I'd never seen my mum, Helena, put her shoes on and rush out of the door so fast.
She returned quicker than I thought she would, and in her hand was a box from the pharmacy.
‘You have to pee on the stick,’ she said, unwrapping it and handing it to me.
I looked at it, bemused. I’d never seen anything like it before.
But, I did what I was told and took it to the bathroom to pee on.
On the way out, I handed it to Mum and she sat on the side of the bath with it.
‘Alda, I’m going to faint,’ came her words a few minutes later.
As I took the stick off her, I saw that two lines had appeared on it.
I hadn’t been worried before this, but seeing Mum’s shock sent me into a spin.
Suddenly, I was terrified and, apparently, also pregnant.
This was certainly not the plan. I was just 12 years old.
The first of many tears began to spill down my face.
‘This is all his fault,’ I sobbed.
I was so confused and angry.
How could this be happening?
I’d met the baby’s father, then 14, through friends. And we’d been dating for a few months.
Both of us had been very naive and, without any sex education, I hadn’t known about contraception.
‘I haven’t had my period,’ I’d told Mum that day.
Having older sisters, I knew that no period could mean I was pregnant, but
I hadn’t thought I would be.
Now, as I stared at the positive test, my world came crashing around me.
At first, it felt like a termination was my only choice.
Mum and my dad, Hafne, promised to support me, whatever my decision.
But, at the ultrasound, everything changed.
‘I’m going to keep it,’ I said, completely in awe.
‘It’s going to be very hard,’ the social worker said.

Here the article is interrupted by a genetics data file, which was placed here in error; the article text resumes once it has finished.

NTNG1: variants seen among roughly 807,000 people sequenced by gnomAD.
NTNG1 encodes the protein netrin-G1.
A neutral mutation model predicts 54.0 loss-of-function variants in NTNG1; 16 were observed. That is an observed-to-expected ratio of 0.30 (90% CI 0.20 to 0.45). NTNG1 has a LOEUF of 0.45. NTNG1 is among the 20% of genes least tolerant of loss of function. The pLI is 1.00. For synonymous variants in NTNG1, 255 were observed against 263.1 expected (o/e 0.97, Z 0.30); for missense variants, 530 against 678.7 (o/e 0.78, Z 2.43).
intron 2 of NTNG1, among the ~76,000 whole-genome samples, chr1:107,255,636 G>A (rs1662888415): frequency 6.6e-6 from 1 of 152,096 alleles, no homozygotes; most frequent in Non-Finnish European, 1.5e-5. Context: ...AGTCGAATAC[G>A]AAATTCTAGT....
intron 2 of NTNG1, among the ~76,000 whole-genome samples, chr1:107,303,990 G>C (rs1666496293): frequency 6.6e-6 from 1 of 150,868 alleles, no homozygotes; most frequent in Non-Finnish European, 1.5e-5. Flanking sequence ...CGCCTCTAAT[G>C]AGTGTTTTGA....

I tried to understand that but I didn’t really grasp the enormity of it all, especially at 12.
I kept the news from friends and teachers until I was showing at five months.
Thankfully, they were as supportive as my family.
My obstetrician worried that, as I was so small, my hips wouldn’t be wide enough to give birth naturally. But I managed it.
After a 12-hour natural labour, I had my daughter on January 26, 2004.
Her dad and my mum were there with me and we named her Andrea.
By then, I was 13 and her dad was 15.
It was overwhelming and more painful than I had expected, but that wasn’t the worst part.
While I was still in the delivery room, phone calls from the media began.
‘You’re the youngest girl in Iceland to give birth,’ a journalist said.
Everyone wanted to talk to me, but they were not all congratulatory.
The news blew up and I was shocked to discover strangers were making cruel comments.
‘Children shouldn’t be having children,’ was a common one.
But it was the comments about how fat I looked that cut the deepest.
‘You have to ignore them,’ Mum told me.
Back home after the birth, Mum looked after Andrea while I went to school.
But, of course, everything changed.
When Andrea was two months old, her dad and I broke up.
My friends and I grew up together but in different worlds.
They all doted on Andrea though, and even when things were really hard, she was the most loved baby there was.
I might have been young but I still had so much to give her. I especially loved watching her play with her singing toy flower.
‘You are my sunshine,’ it trilled out and, through it all, it felt like she was my sunshine.
Determined to show her and all my critics what I could do, I finished the equivalent of my school certificate.
Then, when Andrea was four, I moved out and started supporting her myself.
Today, Andrea has grown into a strong, smart 16-year-old, and I’m studying and working as a social worker.
I’m also engaged to my boyfriend of six years, Arve.
‘You’re the strictest mum out of all my friends!’ Andrea tells me regularly.
While I worked hard to raise my girl and make a life for us, I’d never wish it on her, or any teenager.
Andrea and I talked about sex at a very early age and, thankfully, she doesn’t seem that interested in boys yet.
It was a hard, but very rewarding journey being a teen mum.
I’ve had to deal with a lot of snide comments but I’ve also shown I could do it and, with Andrea as the proof, do it well.
She really is the sunshine of my life.
I think my ‘record’ as the youngest mother in my country still stands and actually I’m glad of that.
Of course, it depends on the circumstances, but becoming a mum at 13 is a lot to take on.
I hope other teenagers can look to, and learn from, my story.